An Open Letter To Retail Font Vendors

Nov 2, 2009

Call me Webmail.

I make web pages. And now that the latest browsers are supporting @font-face, I’ve been taking to the sites where fonts are sold.

I’ve never needed to go shopping for fonts before. And I’m distressed by what I see. And I’m distressed by what I don’t see.
First, let me tell you what I want: I want to see a browser-friendly and well-categorized selection of fonts. I want prices that make sense within the overall cost structure of the sites that I make. And I want licensing terms that give me the flexibility to do what I need to do. I don’t design signs, or magazines, or advertisements. Those folks have their needs, and I have mine. I make web pages. If you don’t have anything to sell me, or you just don’t want to deal with customers unfamiliar with your ways, that’s OK. Just tell me up front and I’ll move on. But please don’t waste my time. Or lead me on. Or ask me to fill out a special form or in any other way subject me to a level of scrutiny greater than your other customers. I won’t be vetted. I won’t be frisked. I’ll just get angry. And I’ll Twitter about it. I like Twitter.

So let me say it again one more time: I want a browser-friendly and well-categorized selection, at prices that make sense to me and my clients, and with liberal licensing. This is what I need.

Just so we understand each other, here’s some dos and dont’s:

Show Me Browser-Friendly Fonts

By browser friendly, I mean fonts that look halfway decent in a browser. I know that quality will differ from font to font. But if you have fonts designed strictly for print work, that look like hell in a browser, weed them out. I don’t want to see them. Fonts either look OK, or they don’t. Details like hinting, no hinting, TrueType, OpenType CFF – that’s your business, not mine. If I’m using Flash, or Cufón, or some other font embedding technology, I already know my choices are greater and I’ll look at your other fonts then.

Show Me A Web Font Specimen

I can’t tell what your font looks like in a browser unless I view it in a browser. How you do that is up to you. Find a way or don’t waste my time. Perhaps some sort of glyph-limited set is the answer. Or one without kerning. Or perhaps the methods developed by font-obfuscation services like Typekit can be used. Or maybe a combination of these. But if you can’t or won’t take the time and effort to show me an accurate sample of what I’m buying, I won’t be buying. At least not from you. I make web pages. It’s very competitive. My clients don’t make allowances for me, so I can’t make them for you, either.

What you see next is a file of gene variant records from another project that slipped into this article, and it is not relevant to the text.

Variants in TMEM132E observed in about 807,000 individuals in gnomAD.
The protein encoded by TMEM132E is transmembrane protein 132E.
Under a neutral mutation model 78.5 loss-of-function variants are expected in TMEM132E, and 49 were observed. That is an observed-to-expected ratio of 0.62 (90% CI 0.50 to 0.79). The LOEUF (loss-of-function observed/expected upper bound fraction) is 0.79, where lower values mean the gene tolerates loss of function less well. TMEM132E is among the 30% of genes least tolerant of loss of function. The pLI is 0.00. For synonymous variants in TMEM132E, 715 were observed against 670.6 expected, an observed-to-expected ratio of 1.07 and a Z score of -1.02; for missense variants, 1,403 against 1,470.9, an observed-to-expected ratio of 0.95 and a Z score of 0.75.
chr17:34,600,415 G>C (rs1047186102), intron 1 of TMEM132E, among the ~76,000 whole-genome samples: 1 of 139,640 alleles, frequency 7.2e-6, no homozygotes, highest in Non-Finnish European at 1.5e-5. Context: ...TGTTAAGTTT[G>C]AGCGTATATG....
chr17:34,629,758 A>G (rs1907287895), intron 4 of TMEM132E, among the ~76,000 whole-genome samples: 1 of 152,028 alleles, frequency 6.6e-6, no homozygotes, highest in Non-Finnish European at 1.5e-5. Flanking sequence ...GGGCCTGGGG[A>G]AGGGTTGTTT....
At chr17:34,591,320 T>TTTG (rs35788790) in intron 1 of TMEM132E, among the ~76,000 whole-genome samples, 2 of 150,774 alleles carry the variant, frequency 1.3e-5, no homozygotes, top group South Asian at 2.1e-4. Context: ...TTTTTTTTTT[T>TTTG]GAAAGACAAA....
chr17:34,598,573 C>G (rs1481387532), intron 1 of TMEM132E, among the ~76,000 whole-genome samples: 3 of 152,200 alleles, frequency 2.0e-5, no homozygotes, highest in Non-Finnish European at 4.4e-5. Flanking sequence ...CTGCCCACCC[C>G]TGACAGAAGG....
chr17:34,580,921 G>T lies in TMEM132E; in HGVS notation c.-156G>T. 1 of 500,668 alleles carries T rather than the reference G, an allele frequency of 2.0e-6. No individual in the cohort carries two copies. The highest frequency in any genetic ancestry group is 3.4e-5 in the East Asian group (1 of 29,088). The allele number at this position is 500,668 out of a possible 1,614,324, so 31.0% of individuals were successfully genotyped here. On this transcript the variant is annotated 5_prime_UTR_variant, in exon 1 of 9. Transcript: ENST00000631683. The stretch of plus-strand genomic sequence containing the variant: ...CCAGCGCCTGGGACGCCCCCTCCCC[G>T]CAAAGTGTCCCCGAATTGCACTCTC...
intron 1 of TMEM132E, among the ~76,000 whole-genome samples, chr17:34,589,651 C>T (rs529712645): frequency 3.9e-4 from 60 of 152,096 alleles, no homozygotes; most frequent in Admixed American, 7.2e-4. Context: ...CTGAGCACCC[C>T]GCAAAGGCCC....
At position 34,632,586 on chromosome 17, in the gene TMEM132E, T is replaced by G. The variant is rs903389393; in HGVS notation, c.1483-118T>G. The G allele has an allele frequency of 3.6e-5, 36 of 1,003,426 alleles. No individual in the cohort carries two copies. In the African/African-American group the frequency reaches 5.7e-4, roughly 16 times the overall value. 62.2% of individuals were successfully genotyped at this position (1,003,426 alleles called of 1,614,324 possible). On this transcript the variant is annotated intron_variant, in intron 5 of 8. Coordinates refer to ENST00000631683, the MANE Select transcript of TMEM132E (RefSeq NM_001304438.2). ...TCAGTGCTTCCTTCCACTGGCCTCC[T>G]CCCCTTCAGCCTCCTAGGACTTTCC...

Tell Me What The License Is Up Front

I want to know what the web licensing terms are before I do anything. In plain language. With a link to it on the home page and not buried away somewhere. If you feel the need for legalese, have it follow the plain language version. If the EULA says that if my site succeeds I have to come back and give you more money. I’ll probably walk. More visitors does not necessarily mean more cash. If the EULA contains all sorts of “if this, then that” provisions that require a lawyer to interpret and an assistant to keep track of, goodbye. In my world, I usually buy once and then I’m done. I’m good to go. That’s it. Adios, amigos.

Don’t Restrict Me To Pre-Processed Files

If for some reason you insist on delivering only WOFF or EOT files, I’m not interested. I’ll just convert them to TTF or OTF anyway so you might as well leave the conversions up to me. Unless it’s as a part of a courtesy package with the source files included. I might need or want to install these fonts in the operating system as part of the development process. I won’t inconvenience myself for you. If this bothers you, like I said, it’s OK. Tell me the licensing terms up front, and I won’t hold it against you.

Don’t Ask Me To Enforce Same-Origin Restrictions

Like I said, I’m not going to agree to assume additional costs just to please you. And sometimes I don’t have complete control over the administration of the server. I can probably comply with a request to not enable hot-linking to my site, but that’s all I can or am willing to do.

To sum up:
I don’t find anything I’ve asked you to do to be unreasonable. But even so, you may disagree. You may feel that somehow, you can reap the benefits of digital distribution without accepting the disadvantages. If so, I wish you luck with that, and all the best.

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